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A Review of Scientific Evidence for THC:CBD Oromucosal Spray (Nabiximols) in the Management of Chronic Pain.

“The 20% prevalence of chronic pain in the general population is a major health concern given the often profound associated impairment of daily activities, employment status, and health-related quality of life in sufferers. Resource utilization associated with chronic pain represents an enormous burden for healthcare systems. Although analgesia based on the World Health Organization’s pain ladder continues to be the mainstay of chronic pain management, aside from chronic cancer pain or end-of-life care, prolonged use of non-steroidal anti-inflammatory drugs or opioids to manage chronic pain is rarely sustainable.

As the endocannabinoid system is known to control pain at peripheral, spinal, and supraspinal levels, interest in medical use of cannabis is growing.

A proprietary blend of cannabis plant extracts containing delta-9-tetrahydrocannabinol (THC) and cannabidiol (CBD) as the principal cannabinoids is formulated as an oromucosal spray (USAN name: nabiximols) and standardized to ensure quality, consistency and stability. This review examines evidence for THC:CBD oromucosal spray (nabiximols) in the management of chronic pain conditions.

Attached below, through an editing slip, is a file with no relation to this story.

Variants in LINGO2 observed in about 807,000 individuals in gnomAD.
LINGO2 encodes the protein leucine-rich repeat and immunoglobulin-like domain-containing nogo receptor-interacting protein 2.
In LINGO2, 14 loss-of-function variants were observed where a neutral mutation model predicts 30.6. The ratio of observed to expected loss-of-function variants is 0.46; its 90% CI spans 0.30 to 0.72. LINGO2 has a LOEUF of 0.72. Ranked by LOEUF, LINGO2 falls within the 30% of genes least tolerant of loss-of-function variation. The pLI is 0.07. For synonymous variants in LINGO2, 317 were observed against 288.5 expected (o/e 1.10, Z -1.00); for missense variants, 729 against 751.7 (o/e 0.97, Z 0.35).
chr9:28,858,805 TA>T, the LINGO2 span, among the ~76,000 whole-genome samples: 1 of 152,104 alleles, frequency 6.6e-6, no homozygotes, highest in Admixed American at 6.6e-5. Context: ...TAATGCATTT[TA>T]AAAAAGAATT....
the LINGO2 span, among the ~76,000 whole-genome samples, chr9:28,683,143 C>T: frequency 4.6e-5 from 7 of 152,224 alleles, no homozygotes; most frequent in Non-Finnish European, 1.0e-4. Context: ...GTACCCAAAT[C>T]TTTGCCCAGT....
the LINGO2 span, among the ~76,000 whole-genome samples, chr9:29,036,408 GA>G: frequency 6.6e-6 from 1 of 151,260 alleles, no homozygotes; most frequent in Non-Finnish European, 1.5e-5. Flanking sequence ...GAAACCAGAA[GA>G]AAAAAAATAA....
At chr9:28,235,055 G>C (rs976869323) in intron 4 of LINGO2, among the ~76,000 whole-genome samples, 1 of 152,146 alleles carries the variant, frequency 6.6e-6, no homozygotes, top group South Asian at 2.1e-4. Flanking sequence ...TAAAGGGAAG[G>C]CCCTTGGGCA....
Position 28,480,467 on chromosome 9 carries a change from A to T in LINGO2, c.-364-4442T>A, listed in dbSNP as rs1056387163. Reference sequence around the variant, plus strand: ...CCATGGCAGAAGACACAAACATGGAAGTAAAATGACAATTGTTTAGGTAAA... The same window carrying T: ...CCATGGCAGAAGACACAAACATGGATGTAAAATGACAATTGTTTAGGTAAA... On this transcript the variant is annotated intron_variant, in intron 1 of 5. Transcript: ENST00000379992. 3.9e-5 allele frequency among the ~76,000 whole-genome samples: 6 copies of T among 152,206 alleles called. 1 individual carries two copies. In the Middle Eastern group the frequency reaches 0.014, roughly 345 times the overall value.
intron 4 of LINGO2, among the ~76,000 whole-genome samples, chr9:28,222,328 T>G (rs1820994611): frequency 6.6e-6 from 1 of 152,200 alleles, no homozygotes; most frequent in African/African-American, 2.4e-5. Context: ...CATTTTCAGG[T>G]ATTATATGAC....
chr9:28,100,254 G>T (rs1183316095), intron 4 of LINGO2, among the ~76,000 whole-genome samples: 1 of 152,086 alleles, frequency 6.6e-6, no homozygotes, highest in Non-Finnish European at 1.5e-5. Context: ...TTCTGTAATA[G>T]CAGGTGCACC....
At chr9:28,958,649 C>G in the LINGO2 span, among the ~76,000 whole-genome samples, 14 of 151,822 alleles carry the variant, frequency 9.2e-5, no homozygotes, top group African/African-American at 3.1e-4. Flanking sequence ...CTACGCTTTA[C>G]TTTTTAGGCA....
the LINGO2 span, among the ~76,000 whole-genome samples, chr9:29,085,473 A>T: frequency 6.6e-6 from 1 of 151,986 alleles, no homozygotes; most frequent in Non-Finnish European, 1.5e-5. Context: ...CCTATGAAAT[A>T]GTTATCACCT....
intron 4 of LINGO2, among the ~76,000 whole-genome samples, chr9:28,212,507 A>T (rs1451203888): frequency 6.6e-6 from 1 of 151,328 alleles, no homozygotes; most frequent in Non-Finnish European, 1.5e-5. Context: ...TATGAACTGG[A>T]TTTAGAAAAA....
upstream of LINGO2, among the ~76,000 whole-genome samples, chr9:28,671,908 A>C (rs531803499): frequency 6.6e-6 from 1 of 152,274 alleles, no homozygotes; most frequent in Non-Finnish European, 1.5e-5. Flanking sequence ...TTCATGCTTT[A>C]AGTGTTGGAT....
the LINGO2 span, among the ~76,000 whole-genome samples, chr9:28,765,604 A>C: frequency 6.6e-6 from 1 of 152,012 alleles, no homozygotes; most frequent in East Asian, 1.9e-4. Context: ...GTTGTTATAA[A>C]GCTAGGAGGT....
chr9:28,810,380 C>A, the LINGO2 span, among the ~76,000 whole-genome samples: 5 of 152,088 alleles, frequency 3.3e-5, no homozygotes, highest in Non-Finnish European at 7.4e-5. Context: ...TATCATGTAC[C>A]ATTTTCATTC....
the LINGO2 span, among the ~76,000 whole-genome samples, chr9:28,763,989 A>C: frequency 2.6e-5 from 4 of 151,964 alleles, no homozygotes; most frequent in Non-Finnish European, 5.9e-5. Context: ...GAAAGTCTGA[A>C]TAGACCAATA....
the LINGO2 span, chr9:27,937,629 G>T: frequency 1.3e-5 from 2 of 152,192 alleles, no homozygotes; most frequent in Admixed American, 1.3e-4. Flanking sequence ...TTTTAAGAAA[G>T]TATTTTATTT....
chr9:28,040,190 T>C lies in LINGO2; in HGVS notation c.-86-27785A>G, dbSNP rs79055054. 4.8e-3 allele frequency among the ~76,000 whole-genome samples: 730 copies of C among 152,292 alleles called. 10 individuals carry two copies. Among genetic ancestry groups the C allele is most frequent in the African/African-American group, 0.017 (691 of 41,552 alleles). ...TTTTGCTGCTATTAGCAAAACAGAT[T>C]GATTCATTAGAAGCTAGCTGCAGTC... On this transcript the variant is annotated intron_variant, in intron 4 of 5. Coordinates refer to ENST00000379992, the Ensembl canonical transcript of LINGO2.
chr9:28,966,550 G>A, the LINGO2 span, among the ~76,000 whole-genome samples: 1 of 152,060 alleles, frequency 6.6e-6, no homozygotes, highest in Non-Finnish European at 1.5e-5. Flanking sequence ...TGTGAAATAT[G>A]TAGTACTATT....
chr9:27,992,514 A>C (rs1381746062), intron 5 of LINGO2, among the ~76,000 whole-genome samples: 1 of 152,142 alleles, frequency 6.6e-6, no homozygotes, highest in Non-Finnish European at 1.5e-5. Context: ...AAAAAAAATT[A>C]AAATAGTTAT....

Cumulative evidence from clinical trials and an exploratory analysis of the German Pain e-Registry suggests that add-on THC:CBD oromucosal spray (nabiximols) may have a role in managing chronic neuropathic pain, although further precise clinical trials are required to draw definitive conclusions.”

https://www.ncbi.nlm.nih.gov/pubmed/32104061

https://www.dovepress.com/a-review-of-scientific-evidence-for-thccbd-oromucosal-spray-nabiximols-peer-reviewed-article-JPR

“Smoked Cannabis Proven Effective In Treating Neuropathic Pain.” https://www.sciencedaily.com/releases/2007/10/071024141745.htm

“Marijuana Relieves Chronic Pain, Research Shows” https://www.webmd.com/pain-management/news/20100830/marijuana-relieves-chronic-pain-research-show#1

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Cannabis and Pain Treatment-A Review of the Clinical Utility and a Practical Approach in Light of Uncertainty.